[0019] Turning now to FIG. 1, a TIG Welding Torch 2 is shown in a conventional configuration, along with the invention attached. Feed wire 4 is delivered through wire feed tube 16 to close proximity of arc tip 6 where an electrical arc causing the welding process initiates. Hyperbaric TIG Welding, also known as Gas Tungsten Arc Welding is widely used as a technique for making the root pass and some subsequent passes in manual hyperbaric welding procedures. An automatic feed welding torch, sometimes commonly known as a MIG which provides for the automatic feed of feed wire through the center of the gas cup and the wire being fed is used as the arc electrode. The wire in a MIG welder is consumed in the welding process. A MIG welder has a preselected delivery rate of the wire to the joint to be welded. In both MIG and TIG welders, a stream of inert gas, such as argon, is delivered to the weld area through gas cup 8 which assists in evacuating any air containing oxygen from the close proximity to the weld site thereby eliminating certain problems, as is well known to those skilled in the art of arc welding.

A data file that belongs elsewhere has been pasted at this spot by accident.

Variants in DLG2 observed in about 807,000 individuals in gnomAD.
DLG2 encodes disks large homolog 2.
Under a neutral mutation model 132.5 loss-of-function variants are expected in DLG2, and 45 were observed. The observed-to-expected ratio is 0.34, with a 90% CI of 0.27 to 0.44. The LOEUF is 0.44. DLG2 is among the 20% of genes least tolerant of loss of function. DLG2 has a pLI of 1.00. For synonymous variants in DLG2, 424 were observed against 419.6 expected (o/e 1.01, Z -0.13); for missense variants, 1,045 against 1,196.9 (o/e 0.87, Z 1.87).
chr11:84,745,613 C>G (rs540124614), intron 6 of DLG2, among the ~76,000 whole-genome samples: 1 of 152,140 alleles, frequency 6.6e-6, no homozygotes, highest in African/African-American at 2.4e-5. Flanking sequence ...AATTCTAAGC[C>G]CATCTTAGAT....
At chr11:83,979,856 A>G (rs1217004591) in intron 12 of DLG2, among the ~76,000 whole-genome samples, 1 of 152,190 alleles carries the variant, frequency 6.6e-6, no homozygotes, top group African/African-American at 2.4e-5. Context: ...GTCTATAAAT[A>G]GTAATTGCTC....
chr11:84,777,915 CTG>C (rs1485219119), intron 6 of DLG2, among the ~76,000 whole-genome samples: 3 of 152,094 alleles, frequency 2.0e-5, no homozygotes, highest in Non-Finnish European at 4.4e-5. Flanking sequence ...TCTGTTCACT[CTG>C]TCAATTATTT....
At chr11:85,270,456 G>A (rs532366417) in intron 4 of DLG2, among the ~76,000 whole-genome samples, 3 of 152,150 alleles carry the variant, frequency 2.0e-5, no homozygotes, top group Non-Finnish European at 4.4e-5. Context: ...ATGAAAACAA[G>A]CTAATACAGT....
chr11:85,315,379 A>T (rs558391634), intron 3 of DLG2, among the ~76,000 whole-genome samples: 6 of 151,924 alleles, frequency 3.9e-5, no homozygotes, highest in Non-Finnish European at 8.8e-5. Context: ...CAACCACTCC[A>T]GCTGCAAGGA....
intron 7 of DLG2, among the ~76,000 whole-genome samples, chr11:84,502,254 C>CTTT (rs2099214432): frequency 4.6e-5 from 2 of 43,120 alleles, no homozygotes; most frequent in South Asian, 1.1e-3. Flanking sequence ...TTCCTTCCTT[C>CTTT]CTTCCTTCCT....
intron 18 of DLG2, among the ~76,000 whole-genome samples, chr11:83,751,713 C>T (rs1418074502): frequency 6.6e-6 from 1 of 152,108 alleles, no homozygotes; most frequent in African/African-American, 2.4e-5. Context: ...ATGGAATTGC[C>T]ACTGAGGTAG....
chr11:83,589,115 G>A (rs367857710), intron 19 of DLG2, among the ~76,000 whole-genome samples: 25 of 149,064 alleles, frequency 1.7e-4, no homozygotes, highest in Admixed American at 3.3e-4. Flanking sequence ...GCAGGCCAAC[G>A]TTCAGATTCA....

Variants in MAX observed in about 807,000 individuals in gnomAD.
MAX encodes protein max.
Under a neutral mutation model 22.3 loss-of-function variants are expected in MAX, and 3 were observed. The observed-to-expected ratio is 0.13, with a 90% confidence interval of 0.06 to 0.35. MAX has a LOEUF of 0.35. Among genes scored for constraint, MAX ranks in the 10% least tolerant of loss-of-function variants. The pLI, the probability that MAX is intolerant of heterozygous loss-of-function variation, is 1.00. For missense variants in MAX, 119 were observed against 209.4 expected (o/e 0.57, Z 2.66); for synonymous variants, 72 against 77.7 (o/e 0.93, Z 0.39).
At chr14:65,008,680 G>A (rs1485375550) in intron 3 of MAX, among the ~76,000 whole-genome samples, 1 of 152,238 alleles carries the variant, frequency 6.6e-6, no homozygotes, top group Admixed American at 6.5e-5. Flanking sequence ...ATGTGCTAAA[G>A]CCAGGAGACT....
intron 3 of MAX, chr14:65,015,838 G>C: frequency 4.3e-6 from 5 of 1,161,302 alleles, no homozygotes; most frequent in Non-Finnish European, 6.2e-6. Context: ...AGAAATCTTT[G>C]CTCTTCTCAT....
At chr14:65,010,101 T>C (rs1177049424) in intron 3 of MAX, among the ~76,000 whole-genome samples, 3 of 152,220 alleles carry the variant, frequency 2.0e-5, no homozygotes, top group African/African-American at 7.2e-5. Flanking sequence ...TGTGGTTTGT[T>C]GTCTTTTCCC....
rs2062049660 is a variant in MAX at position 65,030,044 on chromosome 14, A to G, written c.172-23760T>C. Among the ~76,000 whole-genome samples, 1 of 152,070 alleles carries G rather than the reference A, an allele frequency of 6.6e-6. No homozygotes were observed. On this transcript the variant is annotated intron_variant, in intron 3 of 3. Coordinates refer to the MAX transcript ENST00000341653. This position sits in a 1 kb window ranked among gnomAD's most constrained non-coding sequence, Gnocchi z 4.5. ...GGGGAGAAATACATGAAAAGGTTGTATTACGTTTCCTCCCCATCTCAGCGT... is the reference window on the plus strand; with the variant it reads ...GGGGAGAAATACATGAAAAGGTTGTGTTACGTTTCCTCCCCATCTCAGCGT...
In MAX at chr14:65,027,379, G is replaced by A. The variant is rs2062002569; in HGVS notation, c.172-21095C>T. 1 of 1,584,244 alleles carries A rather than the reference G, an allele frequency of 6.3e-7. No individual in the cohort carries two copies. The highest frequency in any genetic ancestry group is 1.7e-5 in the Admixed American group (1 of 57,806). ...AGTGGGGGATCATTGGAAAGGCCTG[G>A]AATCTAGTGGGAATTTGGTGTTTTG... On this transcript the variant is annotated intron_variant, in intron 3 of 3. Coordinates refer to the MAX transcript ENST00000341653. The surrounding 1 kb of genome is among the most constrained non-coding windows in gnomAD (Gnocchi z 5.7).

[0020] In a TIG welding device, the inert gas delivered through handle 12 to the gas cup 8 may be adjusted through valve 14 such as the delivery rate of the inert gas is satisfactory to the operator.

[0021] In most existing TIG welders, welding wire is usually applied by hand. The welding operator will normally cut strips of welding wire, most commonly found in the diameters of {fraction (3/32)}″, ⅛″, or {fraction (5/32)}″, into short strips so that they may be manipulated freely by the welder. The welding material wire is applied to the joint and used as welding material which is melted by the arc from the electrode to the grounded metal. Unlike a MIG welding device, electrode 6 is not consumed in the welding process and therefore, no automatic wire feed mechanisms have been applied to feed a wire through the center of gas cup 8 in a TIG welding torch. Welding wire used in TIG welding in the above diameter has sufficient stiffness and rigidity to be self-supporting in the strips cut by the welding operator. In existing MIG welders, welding wire is normally supplied in dimensions such as 0.030″, 0.035″, 0.040″ and other similar small diameters. As such, welding wire used in such operations is more highly flexible and does not have the rigidity necessary to allow an operator to feed the wire by hand using a TIG torch.